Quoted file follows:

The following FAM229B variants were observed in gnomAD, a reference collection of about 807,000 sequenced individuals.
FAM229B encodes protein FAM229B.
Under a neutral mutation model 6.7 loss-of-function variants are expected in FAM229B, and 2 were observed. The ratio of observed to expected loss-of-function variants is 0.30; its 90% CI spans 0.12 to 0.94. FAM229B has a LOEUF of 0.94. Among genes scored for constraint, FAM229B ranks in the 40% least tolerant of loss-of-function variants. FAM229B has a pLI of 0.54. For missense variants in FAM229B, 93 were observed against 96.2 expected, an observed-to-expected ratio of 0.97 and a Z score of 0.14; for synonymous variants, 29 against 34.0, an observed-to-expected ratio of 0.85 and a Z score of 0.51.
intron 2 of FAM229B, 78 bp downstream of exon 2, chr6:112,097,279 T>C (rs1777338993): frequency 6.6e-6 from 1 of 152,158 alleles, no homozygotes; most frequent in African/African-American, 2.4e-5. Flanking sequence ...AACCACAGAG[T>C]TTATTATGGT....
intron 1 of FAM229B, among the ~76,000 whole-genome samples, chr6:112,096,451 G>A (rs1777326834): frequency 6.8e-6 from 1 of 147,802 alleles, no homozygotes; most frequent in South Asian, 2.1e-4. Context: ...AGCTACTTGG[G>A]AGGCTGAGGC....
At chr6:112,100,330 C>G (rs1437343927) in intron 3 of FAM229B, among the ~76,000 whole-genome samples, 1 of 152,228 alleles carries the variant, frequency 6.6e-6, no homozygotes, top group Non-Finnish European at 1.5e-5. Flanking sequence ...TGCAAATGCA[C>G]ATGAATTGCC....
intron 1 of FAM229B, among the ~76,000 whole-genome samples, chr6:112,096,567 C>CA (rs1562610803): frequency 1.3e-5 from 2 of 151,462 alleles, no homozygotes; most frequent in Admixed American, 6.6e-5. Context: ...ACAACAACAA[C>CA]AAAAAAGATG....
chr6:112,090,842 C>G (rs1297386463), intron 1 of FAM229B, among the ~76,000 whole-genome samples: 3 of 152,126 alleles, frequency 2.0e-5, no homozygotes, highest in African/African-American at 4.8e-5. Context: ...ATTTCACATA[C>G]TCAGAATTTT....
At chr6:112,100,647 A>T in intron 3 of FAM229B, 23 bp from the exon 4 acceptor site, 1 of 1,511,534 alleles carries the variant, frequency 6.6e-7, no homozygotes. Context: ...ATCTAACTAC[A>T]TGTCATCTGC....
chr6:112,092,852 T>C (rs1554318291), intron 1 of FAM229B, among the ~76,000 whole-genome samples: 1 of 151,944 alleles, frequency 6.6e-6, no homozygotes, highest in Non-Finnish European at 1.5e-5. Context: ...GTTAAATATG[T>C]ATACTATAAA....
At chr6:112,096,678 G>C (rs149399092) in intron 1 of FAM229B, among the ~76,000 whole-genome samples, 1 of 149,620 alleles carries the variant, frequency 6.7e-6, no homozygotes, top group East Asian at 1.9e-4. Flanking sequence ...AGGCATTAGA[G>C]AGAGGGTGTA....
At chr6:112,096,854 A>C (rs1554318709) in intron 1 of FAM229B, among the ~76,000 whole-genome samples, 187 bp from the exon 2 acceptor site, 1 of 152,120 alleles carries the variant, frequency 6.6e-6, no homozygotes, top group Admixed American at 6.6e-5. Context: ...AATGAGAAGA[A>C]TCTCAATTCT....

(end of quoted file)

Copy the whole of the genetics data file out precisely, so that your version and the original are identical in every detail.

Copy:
The following FAM229B variants were observed in gnomAD, a reference collection of about 807,000 sequenced individuals.
FAM229B encodes protein FAM229B.
Under a neutral mutation model 6.7 loss-of-function variants are expected in FAM229B, and 2 were observed. The ratio of observed to expected loss-of-function variants is 0.30; its 90% CI spans 0.12 to 0.94. FAM229B has a LOEUF of 0.94. Among genes scored for constraint, FAM229B ranks in the 40% least tolerant of loss-of-function variants. FAM229B has a pLI of 0.54. For missense variants in FAM229B, 93 were observed against 96.2 expected, an observed-to-expected ratio of 0.97 and a Z score of 0.14; for synonymous variants, 29 against 34.0, an observed-to-expected ratio of 0.85 and a Z score of 0.51.
intron 2 of FAM229B, 78 bp downstream of exon 2, chr6:112,097,279 T>C (rs1777338993): frequency 6.6e-6 from 1 of 152,158 alleles, no homozygotes; most frequent in African/African-American, 2.4e-5. Flanking sequence ...AACCACAGAG[T>C]TTATTATGGT....
intron 1 of FAM229B, among the ~76,000 whole-genome samples, chr6:112,096,451 G>A (rs1777326834): frequency 6.8e-6 from 1 of 147,802 alleles, no homozygotes; most frequent in South Asian, 2.1e-4. Context: ...AGCTACTTGG[G>A]AGGCTGAGGC....
At chr6:112,100,330 C>G (rs1437343927) in intron 3 of FAM229B, among the ~76,000 whole-genome samples, 1 of 152,228 alleles carries the variant, frequency 6.6e-6, no homozygotes, top group Non-Finnish European at 1.5e-5. Flanking sequence ...TGCAAATGCA[C>G]ATGAATTGCC....
intron 1 of FAM229B, among the ~76,000 whole-genome samples, chr6:112,096,567 C>CA (rs1562610803): frequency 1.3e-5 from 2 of 151,462 alleles, no homozygotes; most frequent in Admixed American, 6.6e-5. Context: ...ACAACAACAA[C>CA]AAAAAAGATG....
chr6:112,090,842 C>G (rs1297386463), intron 1 of FAM229B, among the ~76,000 whole-genome samples: 3 of 152,126 alleles, frequency 2.0e-5, no homozygotes, highest in African/African-American at 4.8e-5. Context: ...ATTTCACATA[C>G]TCAGAATTTT....
At chr6:112,100,647 A>T in intron 3 of FAM229B, 23 bp from the exon 4 acceptor site, 1 of 1,511,534 alleles carries the variant, frequency 6.6e-7, no homozygotes. Context: ...ATCTAACTAC[A>T]TGTCATCTGC....
chr6:112,092,852 T>C (rs1554318291), intron 1 of FAM229B, among the ~76,000 whole-genome samples: 1 of 151,944 alleles, frequency 6.6e-6, no homozygotes, highest in Non-Finnish European at 1.5e-5. Context: ...GTTAAATATG[T>C]ATACTATAAA....
At chr6:112,096,678 G>C (rs149399092) in intron 1 of FAM229B, among the ~76,000 whole-genome samples, 1 of 149,620 alleles carries the variant, frequency 6.7e-6, no homozygotes, top group East Asian at 1.9e-4. Flanking sequence ...AGGCATTAGA[G>C]AGAGGGTGTA....
At chr6:112,096,854 A>C (rs1554318709) in intron 1 of FAM229B, among the ~76,000 whole-genome samples, 187 bp from the exon 2 acceptor site, 1 of 152,120 alleles carries the variant, frequency 6.6e-6, no homozygotes, top group Admixed American at 6.6e-5. Context: ...AATGAGAAGA[A>C]TCTCAATTCT....